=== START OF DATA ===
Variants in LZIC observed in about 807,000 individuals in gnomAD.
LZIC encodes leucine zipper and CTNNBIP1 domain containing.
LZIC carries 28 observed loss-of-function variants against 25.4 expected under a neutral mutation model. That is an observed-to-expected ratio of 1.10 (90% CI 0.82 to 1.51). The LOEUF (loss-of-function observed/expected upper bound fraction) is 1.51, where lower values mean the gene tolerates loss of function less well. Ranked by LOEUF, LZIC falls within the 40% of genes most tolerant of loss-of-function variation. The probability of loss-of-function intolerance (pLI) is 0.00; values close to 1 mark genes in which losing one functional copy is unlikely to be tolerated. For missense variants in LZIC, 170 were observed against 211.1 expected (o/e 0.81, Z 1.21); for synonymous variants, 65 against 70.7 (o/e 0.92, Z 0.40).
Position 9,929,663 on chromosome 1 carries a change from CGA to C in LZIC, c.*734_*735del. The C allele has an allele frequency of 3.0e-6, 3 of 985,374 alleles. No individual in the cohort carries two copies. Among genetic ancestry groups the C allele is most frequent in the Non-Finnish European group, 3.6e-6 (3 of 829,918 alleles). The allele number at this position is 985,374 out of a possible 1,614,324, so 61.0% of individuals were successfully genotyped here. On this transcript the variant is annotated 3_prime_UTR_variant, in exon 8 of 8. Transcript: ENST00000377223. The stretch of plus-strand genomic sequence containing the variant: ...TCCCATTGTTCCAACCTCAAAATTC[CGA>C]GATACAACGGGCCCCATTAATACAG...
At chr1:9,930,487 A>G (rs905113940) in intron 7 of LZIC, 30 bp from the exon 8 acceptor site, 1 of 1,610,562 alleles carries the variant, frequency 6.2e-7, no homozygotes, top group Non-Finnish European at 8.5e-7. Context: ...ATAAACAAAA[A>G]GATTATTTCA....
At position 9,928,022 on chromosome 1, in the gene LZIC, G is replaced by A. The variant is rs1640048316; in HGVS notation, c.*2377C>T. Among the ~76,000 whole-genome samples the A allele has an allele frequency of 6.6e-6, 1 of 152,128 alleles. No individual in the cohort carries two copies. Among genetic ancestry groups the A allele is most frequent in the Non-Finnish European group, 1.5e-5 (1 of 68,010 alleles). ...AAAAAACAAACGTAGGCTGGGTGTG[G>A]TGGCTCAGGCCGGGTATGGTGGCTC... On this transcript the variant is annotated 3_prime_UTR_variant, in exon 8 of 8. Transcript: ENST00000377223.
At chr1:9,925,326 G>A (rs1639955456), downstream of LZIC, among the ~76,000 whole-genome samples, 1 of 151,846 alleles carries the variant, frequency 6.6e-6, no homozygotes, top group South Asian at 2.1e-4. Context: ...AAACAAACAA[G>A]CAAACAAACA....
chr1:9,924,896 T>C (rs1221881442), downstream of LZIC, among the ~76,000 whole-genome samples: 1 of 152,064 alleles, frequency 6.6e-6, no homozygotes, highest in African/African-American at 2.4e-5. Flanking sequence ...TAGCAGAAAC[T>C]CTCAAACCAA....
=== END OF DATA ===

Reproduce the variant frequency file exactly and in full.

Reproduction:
Variants in LZIC observed in about 807,000 individuals in gnomAD.
LZIC encodes leucine zipper and CTNNBIP1 domain containing.
LZIC carries 28 observed loss-of-function variants against 25.4 expected under a neutral mutation model. That is an observed-to-expected ratio of 1.10 (90% CI 0.82 to 1.51). The LOEUF (loss-of-function observed/expected upper bound fraction) is 1.51, where lower values mean the gene tolerates loss of function less well. Ranked by LOEUF, LZIC falls within the 40% of genes most tolerant of loss-of-function variation. The probability of loss-of-function intolerance (pLI) is 0.00; values close to 1 mark genes in which losing one functional copy is unlikely to be tolerated. For missense variants in LZIC, 170 were observed against 211.1 expected (o/e 0.81, Z 1.21); for synonymous variants, 65 against 70.7 (o/e 0.92, Z 0.40).
Position 9,929,663 on chromosome 1 carries a change from CGA to C in LZIC, c.*734_*735del. The C allele has an allele frequency of 3.0e-6, 3 of 985,374 alleles. No individual in the cohort carries two copies. Among genetic ancestry groups the C allele is most frequent in the Non-Finnish European group, 3.6e-6 (3 of 829,918 alleles). The allele number at this position is 985,374 out of a possible 1,614,324, so 61.0% of individuals were successfully genotyped here. On this transcript the variant is annotated 3_prime_UTR_variant, in exon 8 of 8. Transcript: ENST00000377223. The stretch of plus-strand genomic sequence containing the variant: ...TCCCATTGTTCCAACCTCAAAATTC[CGA>C]GATACAACGGGCCCCATTAATACAG...
At chr1:9,930,487 A>G (rs905113940) in intron 7 of LZIC, 30 bp from the exon 8 acceptor site, 1 of 1,610,562 alleles carries the variant, frequency 6.2e-7, no homozygotes, top group Non-Finnish European at 8.5e-7. Context: ...ATAAACAAAA[A>G]GATTATTTCA....
At position 9,928,022 on chromosome 1, in the gene LZIC, G is replaced by A. The variant is rs1640048316; in HGVS notation, c.*2377C>T. Among the ~76,000 whole-genome samples the A allele has an allele frequency of 6.6e-6, 1 of 152,128 alleles. No individual in the cohort carries two copies. Among genetic ancestry groups the A allele is most frequent in the Non-Finnish European group, 1.5e-5 (1 of 68,010 alleles). ...AAAAAACAAACGTAGGCTGGGTGTG[G>A]TGGCTCAGGCCGGGTATGGTGGCTC... On this transcript the variant is annotated 3_prime_UTR_variant, in exon 8 of 8. Transcript: ENST00000377223.
At chr1:9,925,326 G>A (rs1639955456), downstream of LZIC, among the ~76,000 whole-genome samples, 1 of 151,846 alleles carries the variant, frequency 6.6e-6, no homozygotes, top group South Asian at 2.1e-4. Context: ...AAACAAACAA[G>A]CAAACAAACA....
chr1:9,924,896 T>C (rs1221881442), downstream of LZIC, among the ~76,000 whole-genome samples: 1 of 152,064 alleles, frequency 6.6e-6, no homozygotes, highest in African/African-American at 2.4e-5. Flanking sequence ...TAGCAGAAAC[T>C]CTCAAACCAA....